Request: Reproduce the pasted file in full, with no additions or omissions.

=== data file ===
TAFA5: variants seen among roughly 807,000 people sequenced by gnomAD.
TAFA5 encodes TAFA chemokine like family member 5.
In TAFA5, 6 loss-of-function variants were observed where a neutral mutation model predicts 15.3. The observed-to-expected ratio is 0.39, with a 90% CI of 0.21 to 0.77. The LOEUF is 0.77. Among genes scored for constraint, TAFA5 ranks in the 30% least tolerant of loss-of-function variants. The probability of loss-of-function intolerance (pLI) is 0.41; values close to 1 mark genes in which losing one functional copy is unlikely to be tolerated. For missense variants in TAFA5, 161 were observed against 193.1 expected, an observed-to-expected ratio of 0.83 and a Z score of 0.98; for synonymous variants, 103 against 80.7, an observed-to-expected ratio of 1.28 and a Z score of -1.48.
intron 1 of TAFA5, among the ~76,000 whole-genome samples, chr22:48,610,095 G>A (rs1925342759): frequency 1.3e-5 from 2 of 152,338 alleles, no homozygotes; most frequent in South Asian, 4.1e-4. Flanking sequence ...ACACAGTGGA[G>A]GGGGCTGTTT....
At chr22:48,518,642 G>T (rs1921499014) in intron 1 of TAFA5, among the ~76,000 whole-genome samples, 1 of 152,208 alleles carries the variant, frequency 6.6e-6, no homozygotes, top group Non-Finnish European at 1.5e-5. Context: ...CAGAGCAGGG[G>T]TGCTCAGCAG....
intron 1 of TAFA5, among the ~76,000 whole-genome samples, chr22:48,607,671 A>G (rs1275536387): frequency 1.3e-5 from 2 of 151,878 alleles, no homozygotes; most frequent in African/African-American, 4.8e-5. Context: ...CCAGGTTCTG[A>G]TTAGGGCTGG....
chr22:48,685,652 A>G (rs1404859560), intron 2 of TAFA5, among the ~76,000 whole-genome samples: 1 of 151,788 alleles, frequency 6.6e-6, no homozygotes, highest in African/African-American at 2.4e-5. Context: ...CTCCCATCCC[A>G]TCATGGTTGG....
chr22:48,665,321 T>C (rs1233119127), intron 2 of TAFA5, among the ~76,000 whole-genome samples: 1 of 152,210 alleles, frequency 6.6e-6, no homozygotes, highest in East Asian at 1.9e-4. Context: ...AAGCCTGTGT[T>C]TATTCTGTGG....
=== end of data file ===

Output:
TAFA5: variants seen among roughly 807,000 people sequenced by gnomAD.
TAFA5 encodes TAFA chemokine like family member 5.
In TAFA5, 6 loss-of-function variants were observed where a neutral mutation model predicts 15.3. The observed-to-expected ratio is 0.39, with a 90% CI of 0.21 to 0.77. The LOEUF is 0.77. Among genes scored for constraint, TAFA5 ranks in the 30% least tolerant of loss-of-function variants. The probability of loss-of-function intolerance (pLI) is 0.41; values close to 1 mark genes in which losing one functional copy is unlikely to be tolerated. For missense variants in TAFA5, 161 were observed against 193.1 expected, an observed-to-expected ratio of 0.83 and a Z score of 0.98; for synonymous variants, 103 against 80.7, an observed-to-expected ratio of 1.28 and a Z score of -1.48.
intron 1 of TAFA5, among the ~76,000 whole-genome samples, chr22:48,610,095 G>A (rs1925342759): frequency 1.3e-5 from 2 of 152,338 alleles, no homozygotes; most frequent in South Asian, 4.1e-4. Flanking sequence ...ACACAGTGGA[G>A]GGGGCTGTTT....
At chr22:48,518,642 G>T (rs1921499014) in intron 1 of TAFA5, among the ~76,000 whole-genome samples, 1 of 152,208 alleles carries the variant, frequency 6.6e-6, no homozygotes, top group Non-Finnish European at 1.5e-5. Context: ...CAGAGCAGGG[G>T]TGCTCAGCAG....
intron 1 of TAFA5, among the ~76,000 whole-genome samples, chr22:48,607,671 A>G (rs1275536387): frequency 1.3e-5 from 2 of 151,878 alleles, no homozygotes; most frequent in African/African-American, 4.8e-5. Context: ...CCAGGTTCTG[A>G]TTAGGGCTGG....
chr22:48,685,652 A>G (rs1404859560), intron 2 of TAFA5, among the ~76,000 whole-genome samples: 1 of 151,788 alleles, frequency 6.6e-6, no homozygotes, highest in African/African-American at 2.4e-5. Context: ...CTCCCATCCC[A>G]TCATGGTTGG....
chr22:48,665,321 T>C (rs1233119127), intron 2 of TAFA5, among the ~76,000 whole-genome samples: 1 of 152,210 alleles, frequency 6.6e-6, no homozygotes, highest in East Asian at 1.9e-4. Context: ...AAGCCTGTGT[T>C]TATTCTGTGG....